More stories

  • in

    Artist Sam Durant’s Eerie Modernist Drone Will Hover Over New York as the Next High Line Plinth Commission

    An ominous but easily missable new sculpture will appear 25 feet over the High Line next month. Sam Durant’s fiberglass kinetic sculpture of a Predator drone will be more or less visible depending on the wind, time of day, and light conditions. Sometimes it will blend into the clouds altogether.
    The artist’s stripped-down drone looks like a sleekly abstract Modernist sculpture, and does not include the remote-controlled military aircraft’s cameras, weapons, or landing gear. But with a 48-foot wingspan, it is the same size as the real deal.
    “For Sam, the goal is to make visible in America the drone warfare that this country carries out against countries very far away,” Cecilia Alemani, director and chief curator of High Line Art, told the New York Times.
    The U.S. military began using Predator drones in 1995. It has used them to conduct reconnaissance and airstrikes in Afghanistan, Iraq, Libya, Pakistan, Syria, Somalia, Yemen, and other countries in the decades since.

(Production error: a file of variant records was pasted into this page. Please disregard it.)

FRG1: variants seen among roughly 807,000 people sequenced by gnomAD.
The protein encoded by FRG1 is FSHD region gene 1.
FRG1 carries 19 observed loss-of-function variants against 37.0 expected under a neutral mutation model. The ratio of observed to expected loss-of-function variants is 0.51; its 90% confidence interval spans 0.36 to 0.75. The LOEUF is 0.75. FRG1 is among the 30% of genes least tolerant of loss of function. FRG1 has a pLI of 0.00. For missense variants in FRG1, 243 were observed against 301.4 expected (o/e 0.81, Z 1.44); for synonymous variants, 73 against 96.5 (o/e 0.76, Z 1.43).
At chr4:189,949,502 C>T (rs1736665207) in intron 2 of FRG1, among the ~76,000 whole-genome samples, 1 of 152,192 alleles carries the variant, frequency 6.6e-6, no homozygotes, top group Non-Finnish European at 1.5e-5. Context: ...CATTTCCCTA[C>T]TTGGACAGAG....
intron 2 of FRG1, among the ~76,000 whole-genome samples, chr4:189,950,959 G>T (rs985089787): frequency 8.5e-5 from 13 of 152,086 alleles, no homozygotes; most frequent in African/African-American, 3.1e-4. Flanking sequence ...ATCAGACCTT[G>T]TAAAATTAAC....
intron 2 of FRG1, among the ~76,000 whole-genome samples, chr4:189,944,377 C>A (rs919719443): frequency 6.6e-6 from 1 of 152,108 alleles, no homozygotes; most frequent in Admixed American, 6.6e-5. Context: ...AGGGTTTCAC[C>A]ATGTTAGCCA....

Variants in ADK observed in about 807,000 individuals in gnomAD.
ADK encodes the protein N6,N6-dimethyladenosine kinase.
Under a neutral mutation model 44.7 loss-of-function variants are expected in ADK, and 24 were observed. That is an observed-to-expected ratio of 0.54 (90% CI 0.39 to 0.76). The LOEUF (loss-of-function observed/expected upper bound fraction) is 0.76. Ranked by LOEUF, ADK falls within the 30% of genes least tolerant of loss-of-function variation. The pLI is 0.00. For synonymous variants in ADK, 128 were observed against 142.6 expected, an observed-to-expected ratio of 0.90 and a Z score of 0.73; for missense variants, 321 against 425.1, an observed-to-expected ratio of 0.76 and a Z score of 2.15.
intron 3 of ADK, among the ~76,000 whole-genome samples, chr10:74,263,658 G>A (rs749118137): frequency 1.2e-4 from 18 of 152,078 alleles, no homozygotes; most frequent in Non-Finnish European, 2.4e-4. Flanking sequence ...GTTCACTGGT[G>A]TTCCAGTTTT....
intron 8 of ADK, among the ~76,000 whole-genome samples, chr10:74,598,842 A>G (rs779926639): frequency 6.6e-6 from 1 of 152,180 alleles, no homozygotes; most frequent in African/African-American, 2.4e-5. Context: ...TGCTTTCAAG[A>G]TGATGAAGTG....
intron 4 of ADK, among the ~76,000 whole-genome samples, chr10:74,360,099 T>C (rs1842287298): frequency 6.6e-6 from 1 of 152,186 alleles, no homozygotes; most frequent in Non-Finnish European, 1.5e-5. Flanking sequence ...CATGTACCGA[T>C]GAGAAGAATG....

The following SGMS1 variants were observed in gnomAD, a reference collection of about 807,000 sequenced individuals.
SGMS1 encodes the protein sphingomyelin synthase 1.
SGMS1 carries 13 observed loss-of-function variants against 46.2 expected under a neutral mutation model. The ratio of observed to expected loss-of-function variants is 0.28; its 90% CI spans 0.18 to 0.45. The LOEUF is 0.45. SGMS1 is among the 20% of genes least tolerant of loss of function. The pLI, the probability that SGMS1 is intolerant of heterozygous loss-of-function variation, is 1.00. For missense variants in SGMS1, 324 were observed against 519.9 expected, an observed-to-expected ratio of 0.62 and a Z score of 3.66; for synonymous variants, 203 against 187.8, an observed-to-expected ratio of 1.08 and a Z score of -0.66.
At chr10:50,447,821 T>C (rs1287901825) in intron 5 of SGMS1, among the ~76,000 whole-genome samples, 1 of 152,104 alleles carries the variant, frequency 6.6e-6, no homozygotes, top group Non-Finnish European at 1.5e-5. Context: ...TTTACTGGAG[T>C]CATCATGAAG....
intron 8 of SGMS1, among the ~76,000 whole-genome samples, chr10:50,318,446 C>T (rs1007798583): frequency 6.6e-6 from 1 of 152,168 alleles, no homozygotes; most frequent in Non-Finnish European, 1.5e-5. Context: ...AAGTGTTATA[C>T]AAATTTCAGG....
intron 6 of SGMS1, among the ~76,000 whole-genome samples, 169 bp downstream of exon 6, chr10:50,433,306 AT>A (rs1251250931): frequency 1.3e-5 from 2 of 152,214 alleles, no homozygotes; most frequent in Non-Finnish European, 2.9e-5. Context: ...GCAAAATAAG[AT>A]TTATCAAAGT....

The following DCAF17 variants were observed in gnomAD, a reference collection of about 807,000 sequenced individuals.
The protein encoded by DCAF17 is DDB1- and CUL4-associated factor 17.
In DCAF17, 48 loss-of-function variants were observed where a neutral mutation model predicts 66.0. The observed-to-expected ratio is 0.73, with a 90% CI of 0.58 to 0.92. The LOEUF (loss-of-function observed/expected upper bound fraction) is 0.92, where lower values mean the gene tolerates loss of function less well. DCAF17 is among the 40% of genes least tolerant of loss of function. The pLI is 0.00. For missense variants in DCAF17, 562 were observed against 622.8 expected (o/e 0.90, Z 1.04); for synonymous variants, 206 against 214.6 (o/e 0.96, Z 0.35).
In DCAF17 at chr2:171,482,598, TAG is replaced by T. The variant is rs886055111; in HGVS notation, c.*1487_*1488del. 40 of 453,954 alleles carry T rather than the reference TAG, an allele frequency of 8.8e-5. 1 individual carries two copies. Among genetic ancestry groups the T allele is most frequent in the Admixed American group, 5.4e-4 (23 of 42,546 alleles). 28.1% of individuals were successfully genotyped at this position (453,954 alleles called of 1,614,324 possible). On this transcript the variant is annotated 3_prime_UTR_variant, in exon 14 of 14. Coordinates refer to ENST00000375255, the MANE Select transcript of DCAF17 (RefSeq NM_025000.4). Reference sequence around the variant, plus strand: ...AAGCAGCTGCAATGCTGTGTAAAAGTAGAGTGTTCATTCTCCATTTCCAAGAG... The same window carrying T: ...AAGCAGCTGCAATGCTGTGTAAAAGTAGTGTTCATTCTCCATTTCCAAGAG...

Sam Durant, Untitled (drone), rendering. Photo courtesy of High Line Art.
    “We can pretty much say that there’s never been a just war,” Durant said in a video produced by High Line Art. “Maybe people are not aware of the drones and just how ubiquitous they are in other parts of the world.” The sculpture, which rotates like a weathervane, will be on view for 18 months,
    “Untitled (drone) is meant to animate the question about the use of drones, surveillance, and targeted killings in places far and near, and whether as a society we agree with and want to continue these practices,” Durant said in a statement.

    [embedded content]

    Durant’s work is the second commission for the High Line Plinth, a dedicated space for monumental contemporary art that was first announced in 2017 and inspired by the “Fourth Plinth” in London’s Trafalgar Square. Durant’s proposal was one of 12 finalists unveiled that year, but his selection remained under wraps until now.
    The plinth’s inaugural work, Brick House by Simone Leigh, has been on view since 2019, when the last section of the old train tracks that make up the High Line first opened. (Governor Andrew Cuomo recently announced a two-pronged expansion of the elevated park.)